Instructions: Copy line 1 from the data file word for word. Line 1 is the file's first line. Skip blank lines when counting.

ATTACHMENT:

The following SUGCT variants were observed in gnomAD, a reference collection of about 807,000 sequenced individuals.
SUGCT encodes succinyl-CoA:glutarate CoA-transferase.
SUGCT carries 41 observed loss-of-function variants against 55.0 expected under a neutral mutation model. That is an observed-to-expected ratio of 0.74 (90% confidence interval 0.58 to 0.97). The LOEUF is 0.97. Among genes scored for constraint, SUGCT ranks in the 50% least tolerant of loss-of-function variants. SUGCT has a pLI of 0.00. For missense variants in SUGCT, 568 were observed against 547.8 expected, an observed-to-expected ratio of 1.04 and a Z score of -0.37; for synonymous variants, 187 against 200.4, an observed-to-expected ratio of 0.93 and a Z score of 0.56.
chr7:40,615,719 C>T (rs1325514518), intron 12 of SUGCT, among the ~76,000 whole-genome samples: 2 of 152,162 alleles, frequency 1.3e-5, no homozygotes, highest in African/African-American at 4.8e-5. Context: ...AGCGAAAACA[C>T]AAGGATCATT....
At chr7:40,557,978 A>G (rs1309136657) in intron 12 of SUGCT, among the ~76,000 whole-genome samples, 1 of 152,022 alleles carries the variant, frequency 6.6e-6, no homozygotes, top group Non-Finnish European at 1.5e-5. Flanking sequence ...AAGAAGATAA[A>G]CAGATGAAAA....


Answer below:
The following SUGCT variants were observed in gnomAD, a reference collection of about 807,000 sequenced individuals.